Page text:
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El Chapo’s escape a lesson

Joaquin “El Chapo” Guzman’s most recent prison escape is a tremendous blow not only for Mexican authorities but also for the U.S. government.

One of the world’s most notorious criminals escaped last week from one of Mexico’s most secure prisons in a rather conventional fashion: by digging a tunnel.

This is not El Chapo’s first escape.

In 2001 he escaped from another Mexican maximum security prison, reportedly by sneaking out in a laundry cart.

The Mexican government’s failure to keep one of the world’s most dangerous criminals behind bars is astonishing.

Equally disturbing is the inability or unwillingness of the U.S. government to pursue the extradition of Guzmán, who rose to the top of the FBI Most Wanted list in 2010 following the capture and killing of Osama Bin Laden.

El Chapo Guzmán is no petty criminal. He leads one of the world’s most successful and murderous criminal enterprises.

The Sinaloa Cartel is a transnational corporation in its own right, responsible for trafficking thousands of tons of illicit drugs – through tunnels, no less – throughout the U.S., as well as Latin America, Africa, Europe, and Asia. Its annual earnings are in the tens of billions of dollars and, in the process, thousands of lives are lost each year to the violence that is inherent to the illicit drug trade.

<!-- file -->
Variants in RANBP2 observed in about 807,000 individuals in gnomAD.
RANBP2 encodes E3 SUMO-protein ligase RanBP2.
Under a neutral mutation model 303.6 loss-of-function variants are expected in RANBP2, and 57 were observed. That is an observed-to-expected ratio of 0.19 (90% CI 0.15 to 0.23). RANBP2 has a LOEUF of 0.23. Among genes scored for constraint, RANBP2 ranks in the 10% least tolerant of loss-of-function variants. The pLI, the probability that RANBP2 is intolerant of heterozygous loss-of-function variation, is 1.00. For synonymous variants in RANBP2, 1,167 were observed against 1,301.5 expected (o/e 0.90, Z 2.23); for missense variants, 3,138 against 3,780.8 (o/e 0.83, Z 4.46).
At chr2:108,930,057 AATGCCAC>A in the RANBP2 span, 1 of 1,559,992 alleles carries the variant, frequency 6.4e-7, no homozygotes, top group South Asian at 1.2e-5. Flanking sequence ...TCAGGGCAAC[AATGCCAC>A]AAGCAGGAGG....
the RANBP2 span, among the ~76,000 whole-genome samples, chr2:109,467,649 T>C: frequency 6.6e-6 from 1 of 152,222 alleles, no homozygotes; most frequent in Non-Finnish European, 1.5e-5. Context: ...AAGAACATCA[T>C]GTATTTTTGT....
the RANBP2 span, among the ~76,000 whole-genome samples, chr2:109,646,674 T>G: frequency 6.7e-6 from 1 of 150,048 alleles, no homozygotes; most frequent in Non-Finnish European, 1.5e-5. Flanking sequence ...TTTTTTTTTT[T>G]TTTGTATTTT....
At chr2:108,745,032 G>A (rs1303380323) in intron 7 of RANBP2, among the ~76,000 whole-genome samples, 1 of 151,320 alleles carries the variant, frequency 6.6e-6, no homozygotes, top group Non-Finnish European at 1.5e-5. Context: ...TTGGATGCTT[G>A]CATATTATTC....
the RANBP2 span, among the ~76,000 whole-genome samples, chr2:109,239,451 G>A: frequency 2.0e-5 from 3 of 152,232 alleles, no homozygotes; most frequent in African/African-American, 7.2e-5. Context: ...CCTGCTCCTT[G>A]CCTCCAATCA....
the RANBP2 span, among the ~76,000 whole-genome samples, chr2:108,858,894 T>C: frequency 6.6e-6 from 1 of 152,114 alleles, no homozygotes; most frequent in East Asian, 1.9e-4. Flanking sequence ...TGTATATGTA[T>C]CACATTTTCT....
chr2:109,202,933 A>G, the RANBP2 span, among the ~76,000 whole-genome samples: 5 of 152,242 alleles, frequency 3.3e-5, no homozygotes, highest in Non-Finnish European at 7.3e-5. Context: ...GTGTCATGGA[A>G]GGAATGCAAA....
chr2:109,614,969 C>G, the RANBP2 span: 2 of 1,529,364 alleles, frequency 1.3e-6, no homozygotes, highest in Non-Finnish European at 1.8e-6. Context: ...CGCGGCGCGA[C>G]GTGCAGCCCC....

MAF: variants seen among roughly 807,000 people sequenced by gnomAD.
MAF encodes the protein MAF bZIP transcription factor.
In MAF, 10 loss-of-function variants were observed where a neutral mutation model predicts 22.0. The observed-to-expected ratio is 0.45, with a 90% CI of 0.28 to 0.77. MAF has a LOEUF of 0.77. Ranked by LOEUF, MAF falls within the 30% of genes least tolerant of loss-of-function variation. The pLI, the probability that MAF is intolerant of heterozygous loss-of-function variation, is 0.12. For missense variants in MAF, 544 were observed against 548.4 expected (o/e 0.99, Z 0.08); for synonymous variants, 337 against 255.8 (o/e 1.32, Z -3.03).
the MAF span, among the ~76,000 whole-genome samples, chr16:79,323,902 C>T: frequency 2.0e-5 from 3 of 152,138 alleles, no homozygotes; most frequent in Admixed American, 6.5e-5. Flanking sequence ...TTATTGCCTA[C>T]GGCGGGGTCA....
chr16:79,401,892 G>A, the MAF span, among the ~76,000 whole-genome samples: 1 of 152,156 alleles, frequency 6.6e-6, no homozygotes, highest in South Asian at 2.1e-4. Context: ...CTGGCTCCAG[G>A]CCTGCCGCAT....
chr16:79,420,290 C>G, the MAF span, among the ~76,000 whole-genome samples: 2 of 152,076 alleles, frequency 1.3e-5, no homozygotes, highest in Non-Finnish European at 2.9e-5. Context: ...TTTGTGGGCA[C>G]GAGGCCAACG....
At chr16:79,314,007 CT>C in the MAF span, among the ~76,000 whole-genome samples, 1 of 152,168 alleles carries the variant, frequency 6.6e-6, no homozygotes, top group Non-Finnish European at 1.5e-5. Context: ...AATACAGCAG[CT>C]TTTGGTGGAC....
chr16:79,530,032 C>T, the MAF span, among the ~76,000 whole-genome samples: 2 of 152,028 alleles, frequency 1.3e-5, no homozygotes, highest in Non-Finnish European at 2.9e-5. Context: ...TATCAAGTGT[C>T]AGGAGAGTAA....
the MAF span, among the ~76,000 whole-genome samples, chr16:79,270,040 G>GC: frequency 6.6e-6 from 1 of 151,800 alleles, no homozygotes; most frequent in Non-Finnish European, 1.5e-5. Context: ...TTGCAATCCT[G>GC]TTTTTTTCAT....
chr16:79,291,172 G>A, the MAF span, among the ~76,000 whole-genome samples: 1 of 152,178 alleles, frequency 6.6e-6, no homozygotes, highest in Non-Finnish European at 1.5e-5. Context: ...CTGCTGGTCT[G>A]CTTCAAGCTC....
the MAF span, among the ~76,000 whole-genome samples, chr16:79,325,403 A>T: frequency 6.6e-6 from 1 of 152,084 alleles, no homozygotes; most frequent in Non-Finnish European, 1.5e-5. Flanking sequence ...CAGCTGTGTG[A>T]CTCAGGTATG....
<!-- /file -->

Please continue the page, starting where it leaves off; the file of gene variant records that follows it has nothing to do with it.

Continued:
For better or for worse, Guzmán’s latest escape doesn’t change much for the Sinaloa Cartel’s operations other than perhaps some internal power struggles.

In fact, his arrest 18 months ago had minimal impact on the transnational drug trade.

The Sinaloa Cartel, and its many rival organizations, continued with business as usual. No single arrest, no dismemberment of any one criminal organization, will curb the drug trade.

The real problem is that for the past 50 years we have pursued the wrong strategy.

Arresting or killing drug traffickers, criminalizing users and militarizing our police forces have yielded poor and ineffective results.

It’s time for a change in strategy.

As a country we must evolve from our failed War on Drugs, and New Mexico can lead the way.

That’s why I am calling on our governor to place the issues of drug policy and criminal justice reform on her call in the upcoming 2016 legislative session.

New Mexico can be a leader in reforming our criminal justice system. Drug addicts must be treated as patients, not as criminals. Legalizing marijuana will usher in a new era of regulated, taxable industry no different than the alcohol and tobacco industries.

By focusing our resources on prevention, education and treatment, rather than on criminalization and imprisonment, we can ensure that our young people do not fall victim to the perils of addiction.

The choice is clear. We can continue with our tired strategy of criminalizing drug users or we can change course.

If we don’t, the likes of El Chapo will continue building their tunnels, and we will continue digging our hole.

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